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Illinois Thoroughbred Horsemen's Association

Illinois Thoroughbred Horsemen's Association (5/1/14)

May marks the start of Arlington's meet, home stretch of spring legislative session

Update from Mike Campbell,

President of the Illinois Thoroughbred Horsemen's Association

Dear Fellow Horsemen:

May marks the start of Arlington Park's meet and we're reminded of Illinois horse racing's grandeur. Arlington is a great monument to American horse racing with its futuristic and modern grandstand. The fan base takes a genuine interest in the horses, against the backdrop of an internationally acclaimed turf track. Families come for the day and enjoy the sport of horse racing - it's a family oriented experience.

Yet as we admire Arlington's aesthetics, we're also reminded of the steep challenge we face in competing against horse racing in other states. Imagine racing in May at Arlington - and at our state's other Thoroughbred tracks around the year - when slots at tracks are online and actively boosting purses. Field sizes will grow. More fans will be in the stands. Our breeding program will be invigorated.

The month of May also means the final stretch of the legislative session in Springfield is upon us, with adjournment on May 31. Just as we have in recent years, the Illinois Thoroughbred Horsemen's Association is vigorously lobbying Illinois lawmakers to approve the slots at tracks legislation that we negotiated together with Arlington, Hawthorne Racecourse, and other racing stakeholders.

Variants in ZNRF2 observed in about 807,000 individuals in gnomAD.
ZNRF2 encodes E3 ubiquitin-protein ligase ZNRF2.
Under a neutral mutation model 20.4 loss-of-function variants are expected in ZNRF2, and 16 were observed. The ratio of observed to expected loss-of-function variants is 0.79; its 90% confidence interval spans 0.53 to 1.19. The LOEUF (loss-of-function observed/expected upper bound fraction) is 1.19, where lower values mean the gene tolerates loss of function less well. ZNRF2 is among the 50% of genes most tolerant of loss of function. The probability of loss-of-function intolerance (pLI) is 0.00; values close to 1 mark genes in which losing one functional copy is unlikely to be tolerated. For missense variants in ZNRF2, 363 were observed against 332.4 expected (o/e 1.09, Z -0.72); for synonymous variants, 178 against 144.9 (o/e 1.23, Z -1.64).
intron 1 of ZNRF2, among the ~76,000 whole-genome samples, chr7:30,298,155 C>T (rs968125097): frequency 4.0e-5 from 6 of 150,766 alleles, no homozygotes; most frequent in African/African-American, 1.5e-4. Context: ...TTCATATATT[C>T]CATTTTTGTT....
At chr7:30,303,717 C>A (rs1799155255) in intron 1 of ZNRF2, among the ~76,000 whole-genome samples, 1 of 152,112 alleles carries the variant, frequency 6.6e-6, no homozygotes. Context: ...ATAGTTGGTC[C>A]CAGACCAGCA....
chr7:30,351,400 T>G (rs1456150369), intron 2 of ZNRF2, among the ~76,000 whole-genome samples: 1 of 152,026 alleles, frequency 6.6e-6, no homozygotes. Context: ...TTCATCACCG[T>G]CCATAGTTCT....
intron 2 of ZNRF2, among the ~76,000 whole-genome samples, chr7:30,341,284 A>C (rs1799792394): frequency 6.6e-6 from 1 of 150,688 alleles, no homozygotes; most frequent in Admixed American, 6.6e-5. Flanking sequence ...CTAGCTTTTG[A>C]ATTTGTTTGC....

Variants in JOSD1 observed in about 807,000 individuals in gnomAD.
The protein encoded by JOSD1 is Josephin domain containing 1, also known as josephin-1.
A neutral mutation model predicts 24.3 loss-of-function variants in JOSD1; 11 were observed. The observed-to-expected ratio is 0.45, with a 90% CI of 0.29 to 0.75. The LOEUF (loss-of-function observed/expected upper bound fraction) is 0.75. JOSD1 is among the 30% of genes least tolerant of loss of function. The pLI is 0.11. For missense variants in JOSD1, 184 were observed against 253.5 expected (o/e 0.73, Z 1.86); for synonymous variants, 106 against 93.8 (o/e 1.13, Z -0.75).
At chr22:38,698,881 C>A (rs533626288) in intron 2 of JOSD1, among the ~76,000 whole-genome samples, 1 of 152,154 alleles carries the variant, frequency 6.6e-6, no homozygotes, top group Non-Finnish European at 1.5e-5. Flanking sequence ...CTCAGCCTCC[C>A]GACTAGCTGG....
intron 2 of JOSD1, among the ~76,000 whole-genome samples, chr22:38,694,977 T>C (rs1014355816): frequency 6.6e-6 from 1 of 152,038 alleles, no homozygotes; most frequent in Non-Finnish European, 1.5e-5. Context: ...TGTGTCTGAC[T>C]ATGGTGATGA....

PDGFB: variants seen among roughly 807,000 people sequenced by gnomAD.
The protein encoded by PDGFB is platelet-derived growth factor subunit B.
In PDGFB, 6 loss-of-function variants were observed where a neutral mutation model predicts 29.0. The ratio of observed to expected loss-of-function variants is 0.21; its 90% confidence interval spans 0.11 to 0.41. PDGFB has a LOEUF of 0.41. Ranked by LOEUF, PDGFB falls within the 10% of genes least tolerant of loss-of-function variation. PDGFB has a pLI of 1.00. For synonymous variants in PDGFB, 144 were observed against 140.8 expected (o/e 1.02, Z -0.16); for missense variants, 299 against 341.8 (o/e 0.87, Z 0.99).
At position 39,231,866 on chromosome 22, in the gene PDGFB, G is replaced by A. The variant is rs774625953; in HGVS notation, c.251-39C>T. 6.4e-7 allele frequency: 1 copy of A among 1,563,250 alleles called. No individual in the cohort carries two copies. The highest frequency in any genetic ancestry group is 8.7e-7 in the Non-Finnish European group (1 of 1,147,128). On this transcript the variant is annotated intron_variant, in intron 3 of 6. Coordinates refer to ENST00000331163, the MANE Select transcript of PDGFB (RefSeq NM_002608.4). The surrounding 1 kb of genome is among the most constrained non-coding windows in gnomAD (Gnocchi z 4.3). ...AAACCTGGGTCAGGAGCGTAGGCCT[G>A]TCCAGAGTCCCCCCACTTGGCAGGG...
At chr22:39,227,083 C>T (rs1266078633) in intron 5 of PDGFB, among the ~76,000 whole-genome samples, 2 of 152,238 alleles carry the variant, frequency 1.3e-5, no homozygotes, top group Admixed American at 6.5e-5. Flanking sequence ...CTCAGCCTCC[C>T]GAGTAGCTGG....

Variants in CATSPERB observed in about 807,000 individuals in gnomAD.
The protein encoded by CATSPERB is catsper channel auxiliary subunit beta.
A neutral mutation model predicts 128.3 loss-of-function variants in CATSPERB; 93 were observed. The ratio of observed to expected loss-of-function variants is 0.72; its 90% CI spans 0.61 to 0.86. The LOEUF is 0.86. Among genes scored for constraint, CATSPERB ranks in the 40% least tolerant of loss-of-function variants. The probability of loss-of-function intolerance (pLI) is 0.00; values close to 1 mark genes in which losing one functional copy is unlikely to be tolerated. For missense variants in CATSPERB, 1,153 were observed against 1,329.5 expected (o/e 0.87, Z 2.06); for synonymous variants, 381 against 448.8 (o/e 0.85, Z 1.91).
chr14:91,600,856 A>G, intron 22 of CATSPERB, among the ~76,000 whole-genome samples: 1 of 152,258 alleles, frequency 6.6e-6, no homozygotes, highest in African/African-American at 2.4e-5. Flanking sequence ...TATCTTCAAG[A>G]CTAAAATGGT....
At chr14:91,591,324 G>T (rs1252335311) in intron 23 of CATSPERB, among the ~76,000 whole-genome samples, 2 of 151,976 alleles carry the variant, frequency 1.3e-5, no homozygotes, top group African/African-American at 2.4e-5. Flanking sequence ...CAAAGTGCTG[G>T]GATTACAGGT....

Illinois horsemen are proud to lead the push to allow slots at tracks as a means to enhance purses, guarantee minimum racing opportunities, and abolish the egregious recapture subsidy continually depressing the size of our purses.

Consider the experience in New York, where slots at tracks went online in 2011:

  • Breeder awards jumped from $6.35 million in 2011 to $9.5 million in 2012 and $11.26 million in 2013.
  • Stallion awards jumped from $1.33 million in 2011 to $2.2 million in 2012 and $2.79 million in 2013.
  • Open-company owner awards jumped from $993,323 in 2011 to $1.2 million in 2012 and $1.79 million in 2013.